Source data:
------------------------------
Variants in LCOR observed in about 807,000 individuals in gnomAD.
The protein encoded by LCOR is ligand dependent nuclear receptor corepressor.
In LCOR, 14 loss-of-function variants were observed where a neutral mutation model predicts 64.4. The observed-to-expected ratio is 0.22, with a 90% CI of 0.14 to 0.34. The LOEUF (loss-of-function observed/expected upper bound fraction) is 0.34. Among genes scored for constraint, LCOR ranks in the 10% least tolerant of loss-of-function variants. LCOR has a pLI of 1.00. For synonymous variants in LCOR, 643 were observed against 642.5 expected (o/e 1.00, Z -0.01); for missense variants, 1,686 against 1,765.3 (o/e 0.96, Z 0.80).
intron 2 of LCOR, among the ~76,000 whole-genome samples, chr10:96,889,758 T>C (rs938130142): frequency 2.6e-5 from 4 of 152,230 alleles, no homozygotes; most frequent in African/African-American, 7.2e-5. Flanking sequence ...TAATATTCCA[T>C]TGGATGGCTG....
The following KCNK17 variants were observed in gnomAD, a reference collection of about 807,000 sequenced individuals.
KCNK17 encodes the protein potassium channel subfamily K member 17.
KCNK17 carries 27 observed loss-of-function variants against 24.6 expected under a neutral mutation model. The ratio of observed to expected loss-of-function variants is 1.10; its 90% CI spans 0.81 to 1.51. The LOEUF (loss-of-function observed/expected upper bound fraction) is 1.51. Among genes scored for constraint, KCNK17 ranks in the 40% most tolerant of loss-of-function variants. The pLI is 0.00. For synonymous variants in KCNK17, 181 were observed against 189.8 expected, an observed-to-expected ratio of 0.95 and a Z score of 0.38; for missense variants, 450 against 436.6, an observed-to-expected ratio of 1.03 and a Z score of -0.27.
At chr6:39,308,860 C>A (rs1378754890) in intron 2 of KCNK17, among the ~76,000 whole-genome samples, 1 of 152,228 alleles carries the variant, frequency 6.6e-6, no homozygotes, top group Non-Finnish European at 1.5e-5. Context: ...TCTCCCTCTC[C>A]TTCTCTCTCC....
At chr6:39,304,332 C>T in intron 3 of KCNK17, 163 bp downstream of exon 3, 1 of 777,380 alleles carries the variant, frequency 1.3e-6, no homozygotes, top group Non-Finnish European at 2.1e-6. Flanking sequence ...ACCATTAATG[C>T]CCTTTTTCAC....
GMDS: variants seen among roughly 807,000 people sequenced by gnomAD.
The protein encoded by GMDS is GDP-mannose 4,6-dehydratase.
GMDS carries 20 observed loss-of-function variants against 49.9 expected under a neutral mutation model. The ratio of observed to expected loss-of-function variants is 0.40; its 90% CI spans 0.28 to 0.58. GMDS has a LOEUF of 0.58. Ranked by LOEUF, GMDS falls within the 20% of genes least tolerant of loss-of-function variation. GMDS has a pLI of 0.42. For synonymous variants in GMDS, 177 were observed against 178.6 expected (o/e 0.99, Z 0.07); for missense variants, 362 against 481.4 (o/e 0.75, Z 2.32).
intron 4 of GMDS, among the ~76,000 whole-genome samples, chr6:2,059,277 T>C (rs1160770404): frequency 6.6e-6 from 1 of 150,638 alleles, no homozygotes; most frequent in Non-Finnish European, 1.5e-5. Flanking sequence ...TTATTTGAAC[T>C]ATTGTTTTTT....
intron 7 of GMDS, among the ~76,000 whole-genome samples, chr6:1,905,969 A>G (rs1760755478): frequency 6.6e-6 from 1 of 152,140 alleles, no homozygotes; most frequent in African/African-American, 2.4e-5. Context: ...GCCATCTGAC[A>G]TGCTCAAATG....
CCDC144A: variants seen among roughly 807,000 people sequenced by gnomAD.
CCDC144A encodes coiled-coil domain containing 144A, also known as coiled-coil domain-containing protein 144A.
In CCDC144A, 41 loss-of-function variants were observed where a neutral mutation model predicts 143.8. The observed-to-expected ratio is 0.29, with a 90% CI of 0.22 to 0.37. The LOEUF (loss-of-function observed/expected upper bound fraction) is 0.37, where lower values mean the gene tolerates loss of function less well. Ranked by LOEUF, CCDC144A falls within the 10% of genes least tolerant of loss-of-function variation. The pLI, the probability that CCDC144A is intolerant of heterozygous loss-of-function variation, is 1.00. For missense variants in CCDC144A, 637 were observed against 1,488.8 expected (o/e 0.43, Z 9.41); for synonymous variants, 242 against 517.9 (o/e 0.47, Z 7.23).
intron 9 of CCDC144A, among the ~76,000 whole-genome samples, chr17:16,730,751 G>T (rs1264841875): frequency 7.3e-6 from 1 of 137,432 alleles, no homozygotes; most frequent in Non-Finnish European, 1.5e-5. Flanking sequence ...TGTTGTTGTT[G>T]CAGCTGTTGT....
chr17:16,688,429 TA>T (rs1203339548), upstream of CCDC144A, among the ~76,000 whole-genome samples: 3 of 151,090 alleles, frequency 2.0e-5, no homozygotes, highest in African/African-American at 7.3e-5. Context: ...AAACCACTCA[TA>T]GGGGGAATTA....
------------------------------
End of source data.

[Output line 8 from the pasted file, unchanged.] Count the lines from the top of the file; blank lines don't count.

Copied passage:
At chr6:39,308,860 C>A (rs1378754890) in intron 2 of KCNK17, among the ~76,000 whole-genome samples, 1 of 152,228 alleles carries the variant, frequency 6.6e-6, no homozygotes, top group Non-Finnish European at 1.5e-5. Context: ...TCTCCCTCTC[C>A]TTCTCTCTCC....